A third group rejects both of these approaches and opts for a form of Islamic mysticism disengaged from the world, which is not really Islamic mysticism because true Islamic mystics are engaged with the world and seek to help people, especially the oppressed masses and those who are spiritually lost.

All of these groups are going in the wrong direction, but each of them also has a piece of the answer.

We Muslims must synthesize these three approaches to regain our identity and start the new Islamic Renaissance.

We must utilize Information Age technology, but avoid getting lost in materialism.

We must hold fast to the Islamic tradition and the Islamic law, the sharia, but avoid stiff interpretations of the law, arrogant self-righteousness, and intolerance.

And we must understand mysticism and live the mystical life, but avoid selfish individualism and narcissistic fantasy.

If we can do this, we can reconnect with the beauty of Islam which is adaptable to every era, balance modernity and tradition, regain our Islamic identity, and start the new Islamic Renaissance.

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Muslims in Spain

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Written by http://www.euro-islam.info
Wednesday, 26 April 2006

Demographics

 

Spain’s interaction with the Muslim world extends back to the 9th century and Islamic expansion into Europe. Most Muslims were expelled in 1492, although there is strong evidence that some did remain behind and publicly proclaimed Catholicism but privately practiced Islam. This tendency faded over time, and the Muslim presence in Spain disappeared until the 1960s.

 

 

 

Initially, many Moroccans entered the tourist industry on the Mediterranean coast. They were primarily undocumented and transient, often attempting to get into France. The profile of these Moroccans began to shift, and they began to come from the Spanish protectorate area in northern Morocco, and settle in Catalonia.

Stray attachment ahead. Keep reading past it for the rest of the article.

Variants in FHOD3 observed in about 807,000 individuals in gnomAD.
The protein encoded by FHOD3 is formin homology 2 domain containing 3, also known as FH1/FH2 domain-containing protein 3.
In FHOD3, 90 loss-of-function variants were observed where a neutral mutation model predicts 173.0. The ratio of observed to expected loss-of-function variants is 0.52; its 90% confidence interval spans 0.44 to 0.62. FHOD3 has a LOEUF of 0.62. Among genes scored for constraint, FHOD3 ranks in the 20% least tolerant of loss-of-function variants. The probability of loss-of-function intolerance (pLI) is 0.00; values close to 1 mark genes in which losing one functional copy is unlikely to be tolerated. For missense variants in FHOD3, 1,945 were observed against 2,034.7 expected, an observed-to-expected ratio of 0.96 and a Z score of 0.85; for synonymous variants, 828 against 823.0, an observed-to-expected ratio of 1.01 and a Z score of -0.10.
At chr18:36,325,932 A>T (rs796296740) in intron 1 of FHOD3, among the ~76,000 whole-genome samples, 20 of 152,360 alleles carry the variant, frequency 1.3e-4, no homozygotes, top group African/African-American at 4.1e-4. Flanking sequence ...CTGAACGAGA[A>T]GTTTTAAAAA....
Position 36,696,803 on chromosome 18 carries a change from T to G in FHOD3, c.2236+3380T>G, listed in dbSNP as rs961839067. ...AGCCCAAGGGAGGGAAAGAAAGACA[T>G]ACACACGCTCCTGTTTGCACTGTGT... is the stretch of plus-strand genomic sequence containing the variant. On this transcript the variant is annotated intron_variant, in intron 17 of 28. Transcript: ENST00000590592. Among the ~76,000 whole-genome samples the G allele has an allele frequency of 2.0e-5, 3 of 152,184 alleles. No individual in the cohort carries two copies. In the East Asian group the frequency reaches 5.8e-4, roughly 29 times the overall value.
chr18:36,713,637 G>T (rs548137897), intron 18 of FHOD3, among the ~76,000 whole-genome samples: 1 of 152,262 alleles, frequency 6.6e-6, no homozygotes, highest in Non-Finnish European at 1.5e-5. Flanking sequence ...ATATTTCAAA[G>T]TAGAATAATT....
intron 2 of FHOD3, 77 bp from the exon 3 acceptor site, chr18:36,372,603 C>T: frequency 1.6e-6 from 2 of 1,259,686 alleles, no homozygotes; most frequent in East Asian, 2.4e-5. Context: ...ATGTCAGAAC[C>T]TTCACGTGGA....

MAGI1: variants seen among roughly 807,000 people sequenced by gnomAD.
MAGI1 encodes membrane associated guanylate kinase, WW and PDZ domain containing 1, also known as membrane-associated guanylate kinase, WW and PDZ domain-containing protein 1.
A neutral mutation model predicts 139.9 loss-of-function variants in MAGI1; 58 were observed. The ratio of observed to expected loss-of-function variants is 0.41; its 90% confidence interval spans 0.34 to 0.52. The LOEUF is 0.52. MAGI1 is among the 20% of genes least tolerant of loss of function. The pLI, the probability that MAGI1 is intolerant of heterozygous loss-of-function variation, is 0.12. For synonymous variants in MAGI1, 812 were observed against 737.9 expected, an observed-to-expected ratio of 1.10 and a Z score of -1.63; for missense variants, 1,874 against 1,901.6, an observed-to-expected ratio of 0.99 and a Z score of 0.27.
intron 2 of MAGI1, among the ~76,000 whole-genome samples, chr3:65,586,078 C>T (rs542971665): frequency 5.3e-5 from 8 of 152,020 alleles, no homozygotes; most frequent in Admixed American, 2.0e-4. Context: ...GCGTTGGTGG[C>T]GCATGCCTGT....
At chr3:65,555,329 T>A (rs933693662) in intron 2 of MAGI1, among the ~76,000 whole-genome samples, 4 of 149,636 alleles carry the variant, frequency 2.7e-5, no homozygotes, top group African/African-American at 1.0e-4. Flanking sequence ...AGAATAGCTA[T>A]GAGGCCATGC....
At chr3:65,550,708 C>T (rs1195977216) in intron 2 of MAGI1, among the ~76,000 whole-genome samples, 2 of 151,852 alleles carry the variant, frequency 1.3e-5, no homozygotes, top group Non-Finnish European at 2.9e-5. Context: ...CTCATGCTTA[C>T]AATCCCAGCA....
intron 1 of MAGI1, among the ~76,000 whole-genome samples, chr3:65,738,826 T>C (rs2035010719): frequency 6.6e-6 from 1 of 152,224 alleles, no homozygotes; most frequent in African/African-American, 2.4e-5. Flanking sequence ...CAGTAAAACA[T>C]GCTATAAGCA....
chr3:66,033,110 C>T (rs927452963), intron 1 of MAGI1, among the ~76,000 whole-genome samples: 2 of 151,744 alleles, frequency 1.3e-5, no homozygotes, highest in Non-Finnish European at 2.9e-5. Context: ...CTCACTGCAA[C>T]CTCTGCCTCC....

As countries further north of Spain began controlling immigration more tightly, many immigrants began settling in Spain so that by the late 1970s it is estimated there were 100,000 Moroccans in Barcelona.

 

Since the 1980s most of the growth of the Muslim population has been due to family reunification. Current estimates put the Muslim population of Spain at 500,000, predominantly Moroccan.

 

Other points of origin include Syria, Lebanon, Jordan and Iraq whose citizens came as students and entrepreneurs. By 1977 these numbers expanded to include Palestinian refugees, and in 1979 Iranian refugees. While socially important, demographically their impact is minimal.

 

An important group of Muslims in the country is composed not of migrants, but of converts. In the 1970s there seems to have been a marked increase in the number of Spaniards accepting Islam. Various theories have been put forward as to why this might be the case, including the need to recover an authentic Spanish identity by look back at the period of Muslim rule. The result has been that in the mid-1990s converts had founded over half the Muslim groups. Current estimates place their numbers at 6,000 individuals.

 

Labor Market

 

Muslim immigrants tend to be employed in the lower sectors of the economy, such as service and labor.

 

Education